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Seattle Art Museum (SAM)

Wandering Rocks

Photo: Nathaniel Willson

Wandering Rocks


Tony Smith

American, 1912-1980

Mathematical and geometrical structures inherent in molecules and crystals inspired the tetrahedral and octahedral shapes of Wandering Rocks. Tony Smith, who began his career as an architect, was compelled by questions of structure, and by a belief in the mythical and archetypal symbolism of forms. Wandering Rocks finds its title in the wandering of Ulysses in James Joyce's book. The organization of its five parts pays homage to the Royoanji Zen garden in Kyoto, Japan.
Steel, painted black
Smohawk: 23 x 48 3/8 x 28 in. (58.4 x 122.9 x 71.1 cm)
Shaft: 45 1/2 x 63 3/8 x 28 in. (115.6 x 161 x71.1 cm)
Crocus: 45 x 43 3/8 x 28 in. (114.3 x 110.2 x 71.1 cm)
Slide: 23 x 64 3/8 x 28 in. (58.4 x 163.5 x 71.1 cm)
Dud: 23 x 32 3/8 x 83 1/2 in. (58.4 x 82.2 x 212.1 cm)
Gift of the Virginia and Bagley Wright Collection, in honor of the 75th Anniversary of the Seattle Art Museum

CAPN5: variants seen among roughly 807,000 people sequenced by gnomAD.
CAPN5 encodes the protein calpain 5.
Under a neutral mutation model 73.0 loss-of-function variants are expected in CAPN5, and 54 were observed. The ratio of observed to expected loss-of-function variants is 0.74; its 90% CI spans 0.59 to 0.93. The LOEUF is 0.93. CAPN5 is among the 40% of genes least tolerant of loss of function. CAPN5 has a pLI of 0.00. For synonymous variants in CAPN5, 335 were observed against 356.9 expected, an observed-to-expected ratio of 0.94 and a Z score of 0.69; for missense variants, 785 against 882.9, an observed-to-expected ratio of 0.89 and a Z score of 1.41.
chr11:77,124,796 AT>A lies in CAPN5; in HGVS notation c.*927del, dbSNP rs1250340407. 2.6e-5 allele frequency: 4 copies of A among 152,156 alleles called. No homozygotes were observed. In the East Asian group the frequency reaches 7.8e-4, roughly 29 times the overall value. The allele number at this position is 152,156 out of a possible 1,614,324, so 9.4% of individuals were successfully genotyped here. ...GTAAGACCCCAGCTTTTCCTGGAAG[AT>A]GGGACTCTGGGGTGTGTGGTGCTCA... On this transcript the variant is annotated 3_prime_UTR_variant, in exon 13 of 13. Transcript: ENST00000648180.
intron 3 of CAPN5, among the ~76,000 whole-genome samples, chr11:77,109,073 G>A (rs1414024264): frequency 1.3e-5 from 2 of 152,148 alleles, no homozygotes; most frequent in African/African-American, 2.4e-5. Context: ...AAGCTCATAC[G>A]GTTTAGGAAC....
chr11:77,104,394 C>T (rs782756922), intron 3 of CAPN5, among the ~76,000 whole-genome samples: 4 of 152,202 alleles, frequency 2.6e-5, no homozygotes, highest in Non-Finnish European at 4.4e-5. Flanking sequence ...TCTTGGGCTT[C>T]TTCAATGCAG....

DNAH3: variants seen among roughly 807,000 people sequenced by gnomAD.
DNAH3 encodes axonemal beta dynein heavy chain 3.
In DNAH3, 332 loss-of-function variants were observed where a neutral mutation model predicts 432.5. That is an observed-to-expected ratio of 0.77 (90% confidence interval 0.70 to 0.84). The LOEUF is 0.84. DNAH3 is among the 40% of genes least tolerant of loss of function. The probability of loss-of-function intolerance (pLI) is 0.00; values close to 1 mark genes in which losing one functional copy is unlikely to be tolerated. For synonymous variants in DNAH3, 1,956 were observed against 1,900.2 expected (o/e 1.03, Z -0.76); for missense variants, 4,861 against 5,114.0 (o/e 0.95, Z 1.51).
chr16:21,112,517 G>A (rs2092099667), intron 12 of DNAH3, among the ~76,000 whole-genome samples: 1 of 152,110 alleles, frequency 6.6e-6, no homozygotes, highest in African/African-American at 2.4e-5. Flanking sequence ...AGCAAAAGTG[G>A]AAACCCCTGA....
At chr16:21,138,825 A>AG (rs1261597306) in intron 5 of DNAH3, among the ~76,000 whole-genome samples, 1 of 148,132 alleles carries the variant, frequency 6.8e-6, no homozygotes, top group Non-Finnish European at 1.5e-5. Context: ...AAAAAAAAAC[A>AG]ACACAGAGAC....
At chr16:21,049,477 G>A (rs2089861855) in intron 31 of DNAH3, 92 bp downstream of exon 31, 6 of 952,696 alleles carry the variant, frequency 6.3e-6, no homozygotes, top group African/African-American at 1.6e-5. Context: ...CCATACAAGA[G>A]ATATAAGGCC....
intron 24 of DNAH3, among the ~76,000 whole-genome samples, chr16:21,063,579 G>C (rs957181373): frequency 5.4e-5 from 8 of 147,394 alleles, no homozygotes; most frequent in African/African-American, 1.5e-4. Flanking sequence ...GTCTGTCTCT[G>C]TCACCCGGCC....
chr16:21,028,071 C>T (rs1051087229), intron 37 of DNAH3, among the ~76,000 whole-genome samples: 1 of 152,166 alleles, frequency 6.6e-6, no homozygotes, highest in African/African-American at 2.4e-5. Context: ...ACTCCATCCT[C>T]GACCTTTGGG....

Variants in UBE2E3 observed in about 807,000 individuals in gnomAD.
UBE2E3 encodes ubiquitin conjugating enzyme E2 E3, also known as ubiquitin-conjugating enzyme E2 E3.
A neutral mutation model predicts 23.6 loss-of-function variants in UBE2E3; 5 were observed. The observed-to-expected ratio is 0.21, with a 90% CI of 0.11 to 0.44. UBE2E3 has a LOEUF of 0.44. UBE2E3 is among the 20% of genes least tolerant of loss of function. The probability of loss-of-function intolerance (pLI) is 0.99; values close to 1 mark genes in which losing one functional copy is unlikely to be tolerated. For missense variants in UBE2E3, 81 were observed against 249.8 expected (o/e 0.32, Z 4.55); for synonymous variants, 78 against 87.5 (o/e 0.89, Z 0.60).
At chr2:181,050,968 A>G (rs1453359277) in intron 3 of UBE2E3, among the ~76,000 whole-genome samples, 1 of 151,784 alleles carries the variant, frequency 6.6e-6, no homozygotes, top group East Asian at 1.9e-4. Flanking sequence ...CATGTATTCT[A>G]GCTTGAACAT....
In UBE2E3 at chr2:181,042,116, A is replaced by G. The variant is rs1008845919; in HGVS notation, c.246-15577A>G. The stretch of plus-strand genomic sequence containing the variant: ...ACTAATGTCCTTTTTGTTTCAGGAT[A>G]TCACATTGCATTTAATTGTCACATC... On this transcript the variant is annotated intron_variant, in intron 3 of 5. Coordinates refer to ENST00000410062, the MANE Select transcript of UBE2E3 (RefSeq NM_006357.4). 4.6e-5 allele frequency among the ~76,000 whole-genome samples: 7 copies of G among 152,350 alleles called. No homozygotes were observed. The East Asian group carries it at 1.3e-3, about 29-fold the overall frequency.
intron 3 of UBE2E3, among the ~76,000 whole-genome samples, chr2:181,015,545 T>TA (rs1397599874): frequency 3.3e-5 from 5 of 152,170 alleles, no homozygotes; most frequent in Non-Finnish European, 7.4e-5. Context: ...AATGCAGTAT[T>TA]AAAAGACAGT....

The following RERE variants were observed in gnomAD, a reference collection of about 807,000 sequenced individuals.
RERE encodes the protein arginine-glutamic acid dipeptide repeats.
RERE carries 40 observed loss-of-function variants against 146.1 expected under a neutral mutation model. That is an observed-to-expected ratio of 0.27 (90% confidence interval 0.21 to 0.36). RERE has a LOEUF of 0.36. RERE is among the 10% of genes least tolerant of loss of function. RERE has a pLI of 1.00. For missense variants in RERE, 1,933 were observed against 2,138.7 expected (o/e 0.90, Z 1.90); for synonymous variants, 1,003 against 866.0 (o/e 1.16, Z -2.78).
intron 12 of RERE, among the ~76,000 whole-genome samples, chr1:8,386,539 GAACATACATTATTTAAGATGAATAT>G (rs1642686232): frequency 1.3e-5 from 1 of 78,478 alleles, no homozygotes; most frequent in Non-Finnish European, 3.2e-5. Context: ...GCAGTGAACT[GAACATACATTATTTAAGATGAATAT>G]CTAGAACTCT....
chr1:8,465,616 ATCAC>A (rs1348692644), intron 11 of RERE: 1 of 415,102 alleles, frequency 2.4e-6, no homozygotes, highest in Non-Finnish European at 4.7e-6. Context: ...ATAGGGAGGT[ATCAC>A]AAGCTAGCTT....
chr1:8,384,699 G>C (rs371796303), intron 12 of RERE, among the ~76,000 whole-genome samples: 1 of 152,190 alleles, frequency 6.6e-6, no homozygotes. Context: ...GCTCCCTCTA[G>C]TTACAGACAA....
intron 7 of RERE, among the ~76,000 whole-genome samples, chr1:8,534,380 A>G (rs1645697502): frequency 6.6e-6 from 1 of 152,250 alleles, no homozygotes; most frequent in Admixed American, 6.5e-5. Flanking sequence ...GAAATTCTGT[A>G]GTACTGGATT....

Provenance: The artist; [Fourcade, Droll Inc., New York]; [Andre Emmerich Gallery, New York]; purchased from gallery by Virginia and Bagley Wright, Seattle,1974
Photo: Nathaniel Willson
Now on view at the Olympic Sculture Park

What is my intention? It is a new measure of man….

Tony Smith


Exhibition HistoryPullman, Washington, Fine Art Gallery, Washington State University, Contemporary American Abstract Painting, 1960-1974, Nov. 1 - 22, 1974.

Bellingham, Washington, Western Washington State University, 1975 - 1982.

Seattle, Washington, Seattle Art Museum, Olympic Sculpture Park, 2007 - ongoing.
Published ReferencesCorrin, Lisa Graziose, et al. Olympic Sculpture Park. Seattle: Seattle Art Museum, 2007; reproduced p. 43.

Smith, Kiki, et al. Not an Object. Not a Monument. The Complete Large-Scale Sculpture of Tony Smith. London: Steidl Publishers MM, 2006; p. 92, reproduced pp. 58-59.

Gates, Mimi Gardner, ed. Seattle’s Olympic Sculpture Park: A Place for Art, Environment, and an Open Mind. Seattle: Seattle Art Museum, in association with University of Washington Press, 2021; p. 104, reproduced pp. 14, 104.

Seattle Art Museum respectfully acknowledges that we are on Indigenous land, the traditional territories of the Coast Salish people. We honor our ongoing connection to these communities past, present, and future.

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